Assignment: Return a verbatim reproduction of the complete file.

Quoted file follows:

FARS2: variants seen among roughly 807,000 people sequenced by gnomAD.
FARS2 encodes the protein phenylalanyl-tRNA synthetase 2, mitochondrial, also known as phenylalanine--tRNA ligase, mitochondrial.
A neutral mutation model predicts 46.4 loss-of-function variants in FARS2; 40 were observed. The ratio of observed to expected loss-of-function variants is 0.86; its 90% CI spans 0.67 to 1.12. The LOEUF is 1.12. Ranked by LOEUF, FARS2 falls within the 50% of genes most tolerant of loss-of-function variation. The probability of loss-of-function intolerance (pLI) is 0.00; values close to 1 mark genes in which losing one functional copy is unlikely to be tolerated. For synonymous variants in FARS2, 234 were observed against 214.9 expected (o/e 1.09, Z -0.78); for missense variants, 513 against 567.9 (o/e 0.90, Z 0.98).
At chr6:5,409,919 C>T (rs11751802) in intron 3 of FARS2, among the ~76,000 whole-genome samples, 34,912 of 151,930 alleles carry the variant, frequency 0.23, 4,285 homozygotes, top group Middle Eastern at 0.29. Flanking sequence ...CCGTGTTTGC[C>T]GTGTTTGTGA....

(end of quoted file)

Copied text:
FARS2: variants seen among roughly 807,000 people sequenced by gnomAD.
FARS2 encodes the protein phenylalanyl-tRNA synthetase 2, mitochondrial, also known as phenylalanine--tRNA ligase, mitochondrial.
A neutral mutation model predicts 46.4 loss-of-function variants in FARS2; 40 were observed. The ratio of observed to expected loss-of-function variants is 0.86; its 90% CI spans 0.67 to 1.12. The LOEUF is 1.12. Ranked by LOEUF, FARS2 falls within the 50% of genes most tolerant of loss-of-function variation. The probability of loss-of-function intolerance (pLI) is 0.00; values close to 1 mark genes in which losing one functional copy is unlikely to be tolerated. For synonymous variants in FARS2, 234 were observed against 214.9 expected (o/e 1.09, Z -0.78); for missense variants, 513 against 567.9 (o/e 0.90, Z 0.98).
At chr6:5,409,919 C>T (rs11751802) in intron 3 of FARS2, among the ~76,000 whole-genome samples, 34,912 of 151,930 alleles carry the variant, frequency 0.23, 4,285 homozygotes, top group Middle Eastern at 0.29. Flanking sequence ...CCGTGTTTGC[C>T]GTGTTTGTGA....